At the end of April, Japanese Prime Minister Shinzo Abe visited Washington to cement the U.S.-Japan alliance, and also clarified his position on the “comfort women” issue. In the wake of Abe’s visit, and as a U.S. House of Representatives subcommittee continues to consider the so-called Honda Resolution demanding an official apology by the Japanese government, it is time to re-assess the issue.
Did the Prime Minister try to deny the comfort women issue? No, he reaffirmed long-standing policy, which accepted moral responsibility but denied legal liability by Japan’s post-war government.
From the beginning, the Prime Minister has consistently upheld the 1993 statement by then-Chief Cabinet Secretary Kohno, and the 1995 statement of then-Prime Minister Murayama.
The Kohno statement is a straightforward acknowledgement of the existence of comfort women: “It is apparent that there existed a great number of comfort women”; “Comfort stations were operated in response to the request of the military authorities of the day”; and “The then-Japanese military was, directly or indirectly, involved in the establishment and management of the comfort stations and the transfer of comfort women.”
The Kohno statement also unequivocally accepts Japan’s moral responsibility: “The Government of Japan would like to take this opportunity once again to extend its sincere apologies and remorse to all those (comfort women).”
However, the same statement declines to assign legal liability to the Japanese state on the grounds that “the recruitment of the comfort women was conducted mainly by private recruiters who acted in response to the request of the military.” Accordingly, Prime Minister Murayama created the non-governmental Asian Women’s Fund to provide atonement including medical and welfare support, but not state compensation. The Murayama statement publicly announced this approach, while some 300 former comfort women have received Fund support over the last ten years. Yet, many of the former victims have not filed their cases at the Fund; instead, they demand compensation from the Japanese state.
Has Mr. Abe been insincere in his apologies on the “comfort women” issue to Members of Congress and others? No, a Japanese speaker would interpret his statements as convincing reaffirmation of apologies that carry genuine moral, emotional, and political substance: “As an individual, and the prime minister, I sympathize from the bottom of my heart with the former comfort women who experience this extreme hardship. I am deeply sorry about the situation in which they were placed.”
Are the Japanese people of one mind on the “comfort women” issue? Hardly. An active debate has begun, and includes issues such as what types of evidence are valid. That debate is a good thing and should be encouraged.
Abe’s remarks in the Japanese Diet in March were in response to a legislator questioning the exact nature of Japanese military involvement, focusing on how coercive the recruitment of the comfort women was. Earlier, then-Deputy Chief Cabinet Secretary Ishihara, who led the process of drafting the Kohno statement, revealed that it was in fact written without substantiation by primary historical documents. As a result, there has been growing concern among the Japanese general public whether some phrases in the statement are accurate and appropriate.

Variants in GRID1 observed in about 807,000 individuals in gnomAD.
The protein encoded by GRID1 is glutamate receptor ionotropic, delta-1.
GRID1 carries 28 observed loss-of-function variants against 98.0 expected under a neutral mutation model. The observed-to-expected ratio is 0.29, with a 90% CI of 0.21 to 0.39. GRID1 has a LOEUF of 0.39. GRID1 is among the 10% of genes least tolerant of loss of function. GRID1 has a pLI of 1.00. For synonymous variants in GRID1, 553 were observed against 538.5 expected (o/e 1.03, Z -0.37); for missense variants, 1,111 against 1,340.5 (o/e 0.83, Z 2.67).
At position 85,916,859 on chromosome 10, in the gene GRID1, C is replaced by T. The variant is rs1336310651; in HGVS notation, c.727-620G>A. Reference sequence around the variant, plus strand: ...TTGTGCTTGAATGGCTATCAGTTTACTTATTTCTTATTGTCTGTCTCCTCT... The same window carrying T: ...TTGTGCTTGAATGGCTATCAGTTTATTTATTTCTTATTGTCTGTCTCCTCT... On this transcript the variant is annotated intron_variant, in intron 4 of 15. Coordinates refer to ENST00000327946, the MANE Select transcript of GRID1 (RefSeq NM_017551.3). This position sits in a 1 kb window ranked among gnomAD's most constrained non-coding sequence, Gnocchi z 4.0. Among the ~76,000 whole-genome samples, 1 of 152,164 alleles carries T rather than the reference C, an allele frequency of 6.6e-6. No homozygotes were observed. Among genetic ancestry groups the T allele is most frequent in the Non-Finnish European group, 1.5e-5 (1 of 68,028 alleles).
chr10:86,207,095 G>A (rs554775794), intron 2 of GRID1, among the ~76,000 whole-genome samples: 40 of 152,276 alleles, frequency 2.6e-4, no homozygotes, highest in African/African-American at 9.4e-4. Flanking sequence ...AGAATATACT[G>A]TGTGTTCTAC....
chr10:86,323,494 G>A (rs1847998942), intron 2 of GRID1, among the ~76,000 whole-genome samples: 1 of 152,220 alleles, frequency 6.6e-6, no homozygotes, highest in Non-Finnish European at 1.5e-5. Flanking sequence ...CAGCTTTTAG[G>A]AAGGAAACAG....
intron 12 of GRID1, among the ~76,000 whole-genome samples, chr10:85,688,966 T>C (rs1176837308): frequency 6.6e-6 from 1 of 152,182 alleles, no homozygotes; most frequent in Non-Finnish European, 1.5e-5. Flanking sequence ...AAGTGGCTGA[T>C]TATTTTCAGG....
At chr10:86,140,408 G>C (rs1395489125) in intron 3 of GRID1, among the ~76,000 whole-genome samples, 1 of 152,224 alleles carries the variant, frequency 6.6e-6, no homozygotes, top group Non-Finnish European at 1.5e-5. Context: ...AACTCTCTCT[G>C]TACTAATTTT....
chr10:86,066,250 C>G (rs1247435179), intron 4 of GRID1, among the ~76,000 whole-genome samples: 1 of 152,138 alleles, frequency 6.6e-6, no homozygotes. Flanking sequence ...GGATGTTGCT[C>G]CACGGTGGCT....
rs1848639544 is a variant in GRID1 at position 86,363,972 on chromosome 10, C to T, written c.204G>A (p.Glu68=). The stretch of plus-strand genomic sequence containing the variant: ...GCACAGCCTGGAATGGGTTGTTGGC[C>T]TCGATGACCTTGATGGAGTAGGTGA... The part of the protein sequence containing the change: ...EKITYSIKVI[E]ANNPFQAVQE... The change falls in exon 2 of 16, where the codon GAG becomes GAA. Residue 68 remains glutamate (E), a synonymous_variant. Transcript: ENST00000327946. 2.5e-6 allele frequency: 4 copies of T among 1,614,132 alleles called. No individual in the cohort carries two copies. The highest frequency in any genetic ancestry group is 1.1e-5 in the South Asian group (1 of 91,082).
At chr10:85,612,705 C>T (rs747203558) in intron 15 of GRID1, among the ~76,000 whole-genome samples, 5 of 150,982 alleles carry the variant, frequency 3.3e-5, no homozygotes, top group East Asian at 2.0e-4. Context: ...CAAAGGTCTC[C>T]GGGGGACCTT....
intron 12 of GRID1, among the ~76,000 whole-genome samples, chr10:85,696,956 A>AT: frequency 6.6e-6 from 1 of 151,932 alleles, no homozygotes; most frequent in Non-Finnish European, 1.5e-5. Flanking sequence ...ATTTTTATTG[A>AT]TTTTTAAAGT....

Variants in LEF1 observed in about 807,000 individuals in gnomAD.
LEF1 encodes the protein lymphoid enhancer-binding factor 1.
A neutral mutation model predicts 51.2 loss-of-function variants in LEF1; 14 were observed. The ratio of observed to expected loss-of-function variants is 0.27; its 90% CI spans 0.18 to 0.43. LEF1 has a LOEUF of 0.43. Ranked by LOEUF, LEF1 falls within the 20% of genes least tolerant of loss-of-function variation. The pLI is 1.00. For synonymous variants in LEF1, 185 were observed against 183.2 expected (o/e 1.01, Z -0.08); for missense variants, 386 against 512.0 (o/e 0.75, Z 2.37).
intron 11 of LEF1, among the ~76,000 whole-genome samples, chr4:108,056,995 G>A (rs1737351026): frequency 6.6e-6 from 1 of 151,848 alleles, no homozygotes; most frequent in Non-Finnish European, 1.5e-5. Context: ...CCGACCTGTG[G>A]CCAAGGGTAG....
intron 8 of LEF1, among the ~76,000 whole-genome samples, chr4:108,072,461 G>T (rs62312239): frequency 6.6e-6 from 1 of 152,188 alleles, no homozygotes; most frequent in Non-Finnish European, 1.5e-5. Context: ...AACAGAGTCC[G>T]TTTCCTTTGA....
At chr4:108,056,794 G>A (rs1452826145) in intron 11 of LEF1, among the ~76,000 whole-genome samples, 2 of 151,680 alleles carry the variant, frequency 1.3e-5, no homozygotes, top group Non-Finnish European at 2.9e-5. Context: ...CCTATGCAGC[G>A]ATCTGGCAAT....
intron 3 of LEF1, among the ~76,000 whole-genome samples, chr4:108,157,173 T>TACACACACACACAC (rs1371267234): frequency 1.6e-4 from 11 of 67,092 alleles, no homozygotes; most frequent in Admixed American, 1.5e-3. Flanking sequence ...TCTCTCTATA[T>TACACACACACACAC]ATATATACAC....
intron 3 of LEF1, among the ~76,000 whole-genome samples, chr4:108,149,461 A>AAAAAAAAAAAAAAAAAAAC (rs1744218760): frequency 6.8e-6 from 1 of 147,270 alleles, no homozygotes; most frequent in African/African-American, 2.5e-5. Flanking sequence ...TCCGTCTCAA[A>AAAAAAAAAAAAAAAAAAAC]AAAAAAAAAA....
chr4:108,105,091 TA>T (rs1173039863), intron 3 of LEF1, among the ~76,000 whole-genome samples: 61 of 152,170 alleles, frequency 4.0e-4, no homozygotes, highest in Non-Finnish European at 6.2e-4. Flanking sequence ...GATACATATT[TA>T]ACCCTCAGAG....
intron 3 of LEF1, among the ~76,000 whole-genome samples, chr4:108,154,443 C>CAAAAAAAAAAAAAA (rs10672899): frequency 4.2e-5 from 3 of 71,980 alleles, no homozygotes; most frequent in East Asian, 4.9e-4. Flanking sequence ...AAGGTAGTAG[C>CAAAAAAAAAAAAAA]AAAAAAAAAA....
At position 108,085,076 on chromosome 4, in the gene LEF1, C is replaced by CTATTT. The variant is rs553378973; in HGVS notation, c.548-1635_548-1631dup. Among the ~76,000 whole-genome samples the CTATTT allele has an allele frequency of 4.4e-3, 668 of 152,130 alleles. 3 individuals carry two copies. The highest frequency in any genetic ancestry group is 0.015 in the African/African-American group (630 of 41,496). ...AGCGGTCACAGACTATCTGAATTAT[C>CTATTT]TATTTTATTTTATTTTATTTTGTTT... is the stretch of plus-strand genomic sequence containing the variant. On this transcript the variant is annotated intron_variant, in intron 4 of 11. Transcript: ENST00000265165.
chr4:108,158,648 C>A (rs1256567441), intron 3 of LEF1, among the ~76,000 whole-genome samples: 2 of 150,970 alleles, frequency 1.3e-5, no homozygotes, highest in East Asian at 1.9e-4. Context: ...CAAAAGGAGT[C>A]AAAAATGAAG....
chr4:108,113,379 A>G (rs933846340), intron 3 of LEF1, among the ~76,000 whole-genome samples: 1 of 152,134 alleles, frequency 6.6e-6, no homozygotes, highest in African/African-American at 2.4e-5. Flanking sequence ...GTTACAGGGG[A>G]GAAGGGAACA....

The national debate in Japan will continue because the classified hearings with former “comfort women” as well as other circumstantial evidence, such as eyewitness records taken at the end of the war, certainly attest to the fact that the women suffered from hardships in a coercive environment, not to the fact that the then-Japanese state assisted in the coercive recruitment. Yet, the existing documentary evidence is inconclusive given that a lot of documents were destroyed at the end of the war and that some activities of the Imperial Army, including this one, might not have been fully documented.
What are the prospects of new monetary compensation for “comfort women’? Not very high. A private fund was set up in line with the finding of no legal liabilities by the government of Japan.
At the end of April, the Japanese Supreme Court judged that all the compensation issues vis-à-vis the Japanese state, private corporations and individuals, have been already settled thoroughly by the San Francisco peace treaty. (The same reasoning applies to other, bilateral accords including one with South Korea.) The Court also judged that victims on mainland China are not entitled to any compensation due to the Sino-Japanese Joint Communique that endorses the peace treaty previously concluded between Japan and the Republic of China now located on Taiwan. Hence, it follows that plaintiffs thereafter must file their cases to their own government for compensation, not to the Japanese state viewed as the victimizer.
The uninformed oftentimes compare and contrast the seemingly obdurate Japanese approach with the deeply penitent German achievement. Yet, this understanding is seriously flawed because the Third Reich government ceased to exist before its surrender and because the current German state has not concluded any formal peace treaties with former belligerent powers.
Certainly, the Japanese government may possibly enact special legal instruments to enable state compensation to various wartime victims, including comfort women. Yet, such legislation is a hard sell to the Japanese general public because according to the peace treaties, Japanese civilian war victims, including the victims of the two atomic bombs and a series of massive strategic bombings over major cities, are precluded from seeking compensation from foreign governments. As a result, the Japanese political leadership has been severely constrained over several decades by historical legacies, such as the comfort women, and will remain so in the foreseeable future.